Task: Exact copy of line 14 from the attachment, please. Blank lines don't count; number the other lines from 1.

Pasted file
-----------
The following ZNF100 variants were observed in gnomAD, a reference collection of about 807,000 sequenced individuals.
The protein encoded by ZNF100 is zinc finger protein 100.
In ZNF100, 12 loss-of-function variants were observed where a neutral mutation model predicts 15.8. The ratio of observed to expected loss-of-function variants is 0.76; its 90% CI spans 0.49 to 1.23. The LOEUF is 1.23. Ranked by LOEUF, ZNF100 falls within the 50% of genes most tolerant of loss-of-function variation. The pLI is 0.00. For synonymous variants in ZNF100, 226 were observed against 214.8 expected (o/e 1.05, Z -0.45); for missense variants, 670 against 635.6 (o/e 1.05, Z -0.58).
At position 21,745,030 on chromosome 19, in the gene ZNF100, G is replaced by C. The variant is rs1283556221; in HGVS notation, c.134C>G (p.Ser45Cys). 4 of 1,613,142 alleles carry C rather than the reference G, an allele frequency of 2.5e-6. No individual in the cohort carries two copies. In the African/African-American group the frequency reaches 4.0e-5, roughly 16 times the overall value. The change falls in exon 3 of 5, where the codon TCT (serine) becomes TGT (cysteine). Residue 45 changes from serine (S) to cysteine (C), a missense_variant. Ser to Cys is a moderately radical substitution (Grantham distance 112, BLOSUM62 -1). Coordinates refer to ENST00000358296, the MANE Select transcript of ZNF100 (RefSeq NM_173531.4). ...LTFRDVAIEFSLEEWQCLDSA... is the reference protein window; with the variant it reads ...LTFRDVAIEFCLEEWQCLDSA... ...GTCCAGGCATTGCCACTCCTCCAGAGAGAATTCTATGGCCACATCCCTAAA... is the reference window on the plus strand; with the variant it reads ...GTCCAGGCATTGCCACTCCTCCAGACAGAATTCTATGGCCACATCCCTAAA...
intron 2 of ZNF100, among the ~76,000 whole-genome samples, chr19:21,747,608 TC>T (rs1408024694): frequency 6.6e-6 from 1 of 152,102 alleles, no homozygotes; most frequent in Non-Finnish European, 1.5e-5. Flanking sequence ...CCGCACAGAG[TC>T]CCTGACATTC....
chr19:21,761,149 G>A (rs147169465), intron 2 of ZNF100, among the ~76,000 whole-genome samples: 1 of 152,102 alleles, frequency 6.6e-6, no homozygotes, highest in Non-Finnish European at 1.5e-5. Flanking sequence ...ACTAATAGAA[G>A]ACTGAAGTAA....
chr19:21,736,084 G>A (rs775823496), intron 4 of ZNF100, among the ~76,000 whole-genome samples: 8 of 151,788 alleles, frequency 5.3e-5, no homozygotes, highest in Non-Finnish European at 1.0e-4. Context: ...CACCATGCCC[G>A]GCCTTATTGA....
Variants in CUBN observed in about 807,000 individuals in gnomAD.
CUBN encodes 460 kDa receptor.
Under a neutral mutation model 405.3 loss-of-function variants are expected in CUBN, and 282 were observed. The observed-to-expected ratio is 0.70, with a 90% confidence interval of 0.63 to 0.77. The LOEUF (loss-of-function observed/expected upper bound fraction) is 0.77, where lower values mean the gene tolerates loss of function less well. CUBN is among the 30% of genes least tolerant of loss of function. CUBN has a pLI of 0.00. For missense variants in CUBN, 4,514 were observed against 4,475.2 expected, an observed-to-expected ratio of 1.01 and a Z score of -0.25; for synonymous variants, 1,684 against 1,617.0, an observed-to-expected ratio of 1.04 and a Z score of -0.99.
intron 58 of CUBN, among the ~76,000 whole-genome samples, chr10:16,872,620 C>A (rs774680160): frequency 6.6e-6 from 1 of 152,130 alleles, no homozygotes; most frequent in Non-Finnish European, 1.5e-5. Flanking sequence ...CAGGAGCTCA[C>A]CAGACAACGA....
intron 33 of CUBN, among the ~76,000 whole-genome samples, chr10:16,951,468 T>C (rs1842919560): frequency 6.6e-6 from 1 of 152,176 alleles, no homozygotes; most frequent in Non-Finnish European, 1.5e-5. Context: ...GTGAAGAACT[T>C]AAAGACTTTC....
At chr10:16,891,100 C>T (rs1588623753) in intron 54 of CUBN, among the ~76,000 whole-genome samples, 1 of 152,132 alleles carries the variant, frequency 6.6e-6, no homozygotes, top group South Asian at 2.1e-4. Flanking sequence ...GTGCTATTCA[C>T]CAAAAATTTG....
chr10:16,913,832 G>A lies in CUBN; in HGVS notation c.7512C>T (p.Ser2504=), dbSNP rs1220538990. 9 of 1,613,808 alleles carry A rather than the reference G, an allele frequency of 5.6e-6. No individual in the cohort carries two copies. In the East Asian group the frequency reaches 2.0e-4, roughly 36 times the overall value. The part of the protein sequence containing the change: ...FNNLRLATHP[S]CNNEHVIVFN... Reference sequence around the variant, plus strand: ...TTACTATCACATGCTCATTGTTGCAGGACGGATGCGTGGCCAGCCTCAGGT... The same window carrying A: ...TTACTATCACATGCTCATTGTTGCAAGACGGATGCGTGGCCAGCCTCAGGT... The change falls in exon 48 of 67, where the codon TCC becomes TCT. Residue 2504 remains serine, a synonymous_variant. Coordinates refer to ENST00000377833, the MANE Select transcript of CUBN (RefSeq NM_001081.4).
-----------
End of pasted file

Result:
chr10:16,913,832 G>A lies in CUBN; in HGVS notation c.7512C>T (p.Ser2504=), dbSNP rs1220538990. 9 of 1,613,808 alleles carry A rather than the reference G, an allele frequency of 5.6e-6. No individual in the cohort carries two copies. In the East Asian group the frequency reaches 2.0e-4, roughly 36 times the overall value. The part of the protein sequence containing the change: ...FNNLRLATHP[S]CNNEHVIVFN... Reference sequence around the variant, plus strand: ...TTACTATCACATGCTCATTGTTGCAGGACGGATGCGTGGCCAGCCTCAGGT... The same window carrying A: ...TTACTATCACATGCTCATTGTTGCAAGACGGATGCGTGGCCAGCCTCAGGT... The change falls in exon 48 of 67, where the codon TCC becomes TCT. Residue 2504 remains serine, a synonymous_variant. Coordinates refer to ENST00000377833, the MANE Select transcript of CUBN (RefSeq NM_001081.4).